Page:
The Customer Guide also recommends that customers require suppliers to inform them on how to verify the integrity of all software components, including through:
- Requiring the use of a hash or signature or similar method to ensure the integrity of each component and requiring each supplier to inform the customer on how to verify the integrity of the components;
- Requiring that all artifacts sent by the supplier be in a standardized SBOM format;
- Providing SBOMs for all upgrades;
- Ensuring newly issued SBOMs incorporate all changes to the product baseline;
- Providing continuous reporting for all of the supplier’s key attributes, such as its ownership, geolocation and foreign controls, as well as for any changes of the key attributes; and
- Notifying the customer of cyber incidents and investigations, mitigations, and impacts to the product or the development environment of the product.
II. NIST Announces Project to Develop Guidance for Using DevSecOps Practices to Secure Software
On November 19, 2022, the NIST National Cybersecurity Center of Excellence (NCCoE) released a document, titled “Software Supply Chain And Devops Security Practices: Implementing a Risk-Based Approach to DevSecOps,” that describes its planned project to develop and document risk-based DevSecOps practices to secure software supply chains. The document defines “DevSecOps” as the process of integrating security practices developed by a security team into existing “pipelines” such as continuous integration/continuous delivery (CI/CD) and existing toolchains used by developers and operators. The document notes that the “project’s objective is to produce practical and actionable guidelines that meaningfully integrate security practices into development methodologies.”
The DevSecOps project will ultimately result in the issuance of a publicly available NIST Cybersecurity Practice Guide that industry, government, and other organizations can use when choosing and implementing DevSecOps practices in order to improve the security of the software they develop and/or operate. This guide will address how such organizations can generate artifacts as a by-product of their DevSecOps practices to support the organization’s self-attestations and compliance with applicable NIST and cybersecurity supply chain risk management practices.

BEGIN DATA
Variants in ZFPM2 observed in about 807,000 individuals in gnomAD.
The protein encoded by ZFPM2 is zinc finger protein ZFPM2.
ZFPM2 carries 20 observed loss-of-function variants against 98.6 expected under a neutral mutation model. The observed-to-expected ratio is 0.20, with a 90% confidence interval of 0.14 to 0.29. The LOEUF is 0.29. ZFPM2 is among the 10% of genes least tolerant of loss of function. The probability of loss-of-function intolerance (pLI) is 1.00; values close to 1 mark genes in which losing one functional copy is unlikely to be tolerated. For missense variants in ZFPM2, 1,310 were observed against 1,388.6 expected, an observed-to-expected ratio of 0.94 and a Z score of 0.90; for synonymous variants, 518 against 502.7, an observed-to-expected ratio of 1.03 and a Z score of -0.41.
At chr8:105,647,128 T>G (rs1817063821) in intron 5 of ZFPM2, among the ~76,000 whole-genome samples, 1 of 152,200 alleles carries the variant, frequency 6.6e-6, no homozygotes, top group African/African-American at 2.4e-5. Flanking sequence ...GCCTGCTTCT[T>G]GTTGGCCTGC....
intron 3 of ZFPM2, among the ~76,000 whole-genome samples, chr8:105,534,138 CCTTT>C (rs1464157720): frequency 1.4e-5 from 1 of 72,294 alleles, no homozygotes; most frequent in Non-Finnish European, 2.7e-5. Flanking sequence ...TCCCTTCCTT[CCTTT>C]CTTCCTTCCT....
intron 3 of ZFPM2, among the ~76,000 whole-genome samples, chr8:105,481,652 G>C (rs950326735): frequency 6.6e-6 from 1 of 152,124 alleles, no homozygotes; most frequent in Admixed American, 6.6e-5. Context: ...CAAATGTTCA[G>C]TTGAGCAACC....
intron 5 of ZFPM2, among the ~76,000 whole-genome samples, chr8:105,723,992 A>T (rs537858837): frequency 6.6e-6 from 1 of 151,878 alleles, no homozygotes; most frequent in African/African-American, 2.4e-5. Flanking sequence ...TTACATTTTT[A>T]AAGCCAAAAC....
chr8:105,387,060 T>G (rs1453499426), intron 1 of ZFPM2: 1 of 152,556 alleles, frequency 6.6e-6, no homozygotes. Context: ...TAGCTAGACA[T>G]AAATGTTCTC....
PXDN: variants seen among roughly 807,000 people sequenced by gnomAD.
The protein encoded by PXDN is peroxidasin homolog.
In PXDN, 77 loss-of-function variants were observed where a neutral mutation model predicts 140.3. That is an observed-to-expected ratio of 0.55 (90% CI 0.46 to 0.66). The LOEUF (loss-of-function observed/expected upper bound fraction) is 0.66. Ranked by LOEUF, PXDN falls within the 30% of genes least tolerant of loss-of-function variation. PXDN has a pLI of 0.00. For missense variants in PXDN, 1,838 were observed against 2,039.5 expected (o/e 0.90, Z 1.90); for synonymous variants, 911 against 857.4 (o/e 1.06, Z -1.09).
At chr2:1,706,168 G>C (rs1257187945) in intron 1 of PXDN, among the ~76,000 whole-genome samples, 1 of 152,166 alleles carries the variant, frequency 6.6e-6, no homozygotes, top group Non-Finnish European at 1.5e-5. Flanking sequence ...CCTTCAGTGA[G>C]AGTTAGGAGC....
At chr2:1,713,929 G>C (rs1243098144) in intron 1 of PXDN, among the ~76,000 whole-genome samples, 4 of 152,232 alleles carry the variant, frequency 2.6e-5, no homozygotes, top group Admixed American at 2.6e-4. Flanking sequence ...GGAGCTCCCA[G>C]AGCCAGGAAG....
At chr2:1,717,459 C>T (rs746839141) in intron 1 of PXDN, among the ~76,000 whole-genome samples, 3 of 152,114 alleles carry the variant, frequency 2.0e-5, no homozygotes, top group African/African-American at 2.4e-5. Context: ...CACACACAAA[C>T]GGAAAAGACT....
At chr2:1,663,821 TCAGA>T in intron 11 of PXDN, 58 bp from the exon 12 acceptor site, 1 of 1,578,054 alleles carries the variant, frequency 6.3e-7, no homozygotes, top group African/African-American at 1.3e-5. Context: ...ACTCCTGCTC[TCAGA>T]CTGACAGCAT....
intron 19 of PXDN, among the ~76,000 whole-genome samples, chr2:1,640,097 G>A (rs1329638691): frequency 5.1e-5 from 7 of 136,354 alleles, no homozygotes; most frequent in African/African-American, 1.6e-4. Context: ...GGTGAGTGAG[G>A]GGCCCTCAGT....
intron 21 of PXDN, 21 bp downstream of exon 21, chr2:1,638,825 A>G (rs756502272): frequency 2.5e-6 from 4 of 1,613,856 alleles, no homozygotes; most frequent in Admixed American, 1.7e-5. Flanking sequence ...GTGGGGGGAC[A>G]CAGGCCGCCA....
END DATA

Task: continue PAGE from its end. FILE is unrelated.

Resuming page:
III. DOD Issues Its Zero-Trust Strategy and Roadmap
On November 22, 2022, the Department of Defense (DOD) released its Zero Trust strategy for the next five years (FY23 – FY27). According to the strategy, Zero Trust “uses continuous multi-factor authentication, micro-segmentation, advanced encryption, endpoint security, analytics, and robust auditing, among other capabilities, to fortify data, applications, assets, and services to deliver cyber resiliency.” DOD’s strategy identifies four strategic principles, seven trust pillars, forty-five capabilities, and 152 activities involved in migrating DOD IT Systems to Zero Trust. The strategy requires that DOD components reach the targeted level of Zero Trust—satisfaction of 91 of the 152 activities—by FY27, subject to a waiver process administered by DOD’s Zero Trust Portfolio Management Office. Among others, the document lists “[i]ncorporate ZT requirements into DoD-wide and Component-specific strategies, policies, frameworks, and directives, and contracts by end of FY2023 and next iteration through FY 2027” as an objective of the strategy.